FIG. 3 shows a modification of the FIG. 1 construction. In this instance, the filter element is constructed essentially in the same manner as in FIG. I with the annular baffle 36' extending vertically above the filter as shown in FIG. 1. The mounting of the filter, however, is slightly different. The lower portion of the baffle 36' is extended at 50 and imbedded in an annular portion 52 of plastic or similar material that suitably seals against the carbon tray lower portion 12'. An L-shaped bracket 54 secures baffle 36' by an adjustable nut and bolt connection 56 to the tray member 12.
The radially downstream or side portion 34 of the filter element again has an annular vertical projection 58 from the top thereof to permit an accurate control of the area of bypass 44'. As will be clear, the fuel vapor will build up to a level determined by the vertical height of the baffle means 36'. This, or course, will cause a spill over of fuel vapor past baffle 58 to the carburetor or to the outlet. As stated above, the projection 58 controls the bypass passage area. In all other respects, however, the operation and construction of FIG. 3 remains essentially the same as that of FIG. 1.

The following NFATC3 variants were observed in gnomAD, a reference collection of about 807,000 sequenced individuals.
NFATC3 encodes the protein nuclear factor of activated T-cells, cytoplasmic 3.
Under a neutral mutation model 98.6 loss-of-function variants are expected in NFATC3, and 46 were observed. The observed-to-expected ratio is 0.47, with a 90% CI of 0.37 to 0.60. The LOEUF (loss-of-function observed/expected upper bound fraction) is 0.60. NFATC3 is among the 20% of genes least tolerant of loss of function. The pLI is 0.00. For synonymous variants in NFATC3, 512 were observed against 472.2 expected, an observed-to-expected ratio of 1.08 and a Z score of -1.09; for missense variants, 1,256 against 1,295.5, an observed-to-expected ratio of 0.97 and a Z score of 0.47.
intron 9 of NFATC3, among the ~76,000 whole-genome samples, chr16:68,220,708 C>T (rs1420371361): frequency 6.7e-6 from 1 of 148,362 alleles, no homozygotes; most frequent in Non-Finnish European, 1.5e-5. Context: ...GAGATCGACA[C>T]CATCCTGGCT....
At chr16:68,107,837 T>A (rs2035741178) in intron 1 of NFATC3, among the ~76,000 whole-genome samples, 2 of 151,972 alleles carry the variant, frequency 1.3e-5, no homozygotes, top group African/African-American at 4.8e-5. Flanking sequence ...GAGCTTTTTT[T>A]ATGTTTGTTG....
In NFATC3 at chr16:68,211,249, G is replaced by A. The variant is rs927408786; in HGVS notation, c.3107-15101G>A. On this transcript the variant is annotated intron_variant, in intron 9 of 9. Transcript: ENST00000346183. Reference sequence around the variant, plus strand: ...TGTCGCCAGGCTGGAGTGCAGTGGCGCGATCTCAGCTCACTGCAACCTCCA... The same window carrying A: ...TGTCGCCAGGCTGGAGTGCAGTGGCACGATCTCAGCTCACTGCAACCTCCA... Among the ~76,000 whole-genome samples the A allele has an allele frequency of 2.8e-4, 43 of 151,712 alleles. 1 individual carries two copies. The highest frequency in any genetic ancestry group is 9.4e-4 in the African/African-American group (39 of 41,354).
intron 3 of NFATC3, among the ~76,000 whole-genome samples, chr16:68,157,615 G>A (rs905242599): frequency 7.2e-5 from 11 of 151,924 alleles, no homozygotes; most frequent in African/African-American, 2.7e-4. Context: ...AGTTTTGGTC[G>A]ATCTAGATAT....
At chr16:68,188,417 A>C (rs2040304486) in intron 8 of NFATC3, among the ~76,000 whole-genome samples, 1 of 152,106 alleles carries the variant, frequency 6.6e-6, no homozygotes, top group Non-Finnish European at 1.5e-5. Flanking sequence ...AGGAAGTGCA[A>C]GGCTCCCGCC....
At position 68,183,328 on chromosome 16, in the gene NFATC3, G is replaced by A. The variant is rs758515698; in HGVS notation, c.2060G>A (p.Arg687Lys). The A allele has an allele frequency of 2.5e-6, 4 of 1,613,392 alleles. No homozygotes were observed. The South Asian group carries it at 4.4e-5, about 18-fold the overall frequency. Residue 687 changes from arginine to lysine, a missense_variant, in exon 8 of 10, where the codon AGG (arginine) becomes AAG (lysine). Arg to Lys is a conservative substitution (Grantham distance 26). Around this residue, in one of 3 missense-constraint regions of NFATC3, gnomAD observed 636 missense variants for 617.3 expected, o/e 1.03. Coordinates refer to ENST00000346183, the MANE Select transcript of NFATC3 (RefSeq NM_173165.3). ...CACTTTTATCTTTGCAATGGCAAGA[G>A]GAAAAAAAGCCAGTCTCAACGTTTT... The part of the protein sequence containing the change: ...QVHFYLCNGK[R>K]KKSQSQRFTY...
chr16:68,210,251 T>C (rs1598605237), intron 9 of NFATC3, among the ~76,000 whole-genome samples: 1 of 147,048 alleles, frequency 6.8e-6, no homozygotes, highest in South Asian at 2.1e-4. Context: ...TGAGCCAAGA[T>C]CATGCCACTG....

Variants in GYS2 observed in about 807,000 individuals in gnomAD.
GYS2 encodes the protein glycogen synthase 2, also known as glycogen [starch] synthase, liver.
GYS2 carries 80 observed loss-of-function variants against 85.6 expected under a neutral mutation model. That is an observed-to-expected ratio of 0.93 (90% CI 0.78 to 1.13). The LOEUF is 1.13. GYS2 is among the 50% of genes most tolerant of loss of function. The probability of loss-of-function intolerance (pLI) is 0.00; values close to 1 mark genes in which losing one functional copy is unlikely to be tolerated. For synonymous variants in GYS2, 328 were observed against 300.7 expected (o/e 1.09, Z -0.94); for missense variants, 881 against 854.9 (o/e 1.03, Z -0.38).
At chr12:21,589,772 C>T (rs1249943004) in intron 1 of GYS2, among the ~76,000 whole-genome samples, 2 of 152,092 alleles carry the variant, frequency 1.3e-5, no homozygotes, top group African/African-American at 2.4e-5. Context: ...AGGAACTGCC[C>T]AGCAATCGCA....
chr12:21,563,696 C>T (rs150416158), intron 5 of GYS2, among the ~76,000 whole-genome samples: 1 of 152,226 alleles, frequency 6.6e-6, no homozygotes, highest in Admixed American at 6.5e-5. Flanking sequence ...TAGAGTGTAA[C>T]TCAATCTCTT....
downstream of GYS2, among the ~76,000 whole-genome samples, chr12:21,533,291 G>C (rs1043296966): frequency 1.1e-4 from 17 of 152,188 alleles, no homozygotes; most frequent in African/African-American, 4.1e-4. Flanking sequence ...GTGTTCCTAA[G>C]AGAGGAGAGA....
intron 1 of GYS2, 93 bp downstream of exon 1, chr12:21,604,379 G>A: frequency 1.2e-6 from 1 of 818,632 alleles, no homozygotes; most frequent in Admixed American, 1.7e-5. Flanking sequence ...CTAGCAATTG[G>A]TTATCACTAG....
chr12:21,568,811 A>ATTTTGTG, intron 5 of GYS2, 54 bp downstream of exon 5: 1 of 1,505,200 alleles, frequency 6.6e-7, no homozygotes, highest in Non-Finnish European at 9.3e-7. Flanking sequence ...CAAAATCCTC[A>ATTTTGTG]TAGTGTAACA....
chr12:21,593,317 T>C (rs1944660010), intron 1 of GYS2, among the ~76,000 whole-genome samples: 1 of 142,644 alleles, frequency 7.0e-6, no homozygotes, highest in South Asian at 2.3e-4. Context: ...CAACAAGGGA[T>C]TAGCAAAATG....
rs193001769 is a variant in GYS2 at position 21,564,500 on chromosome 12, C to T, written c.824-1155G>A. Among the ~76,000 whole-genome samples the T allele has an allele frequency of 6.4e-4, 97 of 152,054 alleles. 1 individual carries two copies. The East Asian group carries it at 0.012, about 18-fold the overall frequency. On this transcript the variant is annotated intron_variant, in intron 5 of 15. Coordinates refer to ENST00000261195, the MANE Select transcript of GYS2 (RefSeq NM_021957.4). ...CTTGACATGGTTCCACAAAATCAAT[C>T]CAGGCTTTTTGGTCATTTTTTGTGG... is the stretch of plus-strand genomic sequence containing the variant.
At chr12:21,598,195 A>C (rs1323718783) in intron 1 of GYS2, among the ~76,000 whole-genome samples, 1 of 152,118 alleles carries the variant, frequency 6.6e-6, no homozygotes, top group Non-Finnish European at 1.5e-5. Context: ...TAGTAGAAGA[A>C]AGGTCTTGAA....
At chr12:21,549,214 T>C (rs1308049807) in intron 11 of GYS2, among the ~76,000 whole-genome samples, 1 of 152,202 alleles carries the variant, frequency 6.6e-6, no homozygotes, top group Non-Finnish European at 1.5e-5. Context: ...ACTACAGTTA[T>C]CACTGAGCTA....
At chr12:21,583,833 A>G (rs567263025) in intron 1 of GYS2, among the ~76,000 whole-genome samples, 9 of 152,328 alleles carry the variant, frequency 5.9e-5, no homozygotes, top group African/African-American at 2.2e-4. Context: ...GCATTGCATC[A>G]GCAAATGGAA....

FIG. 4 shows a still more further modification of the carbon bed filter element 26". In this instance, the two vertical sides of the carbon bed filter element are constituted by annular concentrically mounted nonperforated baffles 36" and 58". The remaining two opposite side portions of the filter again are constituted by perforated sheet screens 34". The filter is mounted at one radial edge portion 60 so as to define upper and lower annular clearance spaces 40" and 42" between the filter and the top and bottom air cleaner housing portions respectively, as in FIG. 1. The upper clearance space constitutes an orifice 44".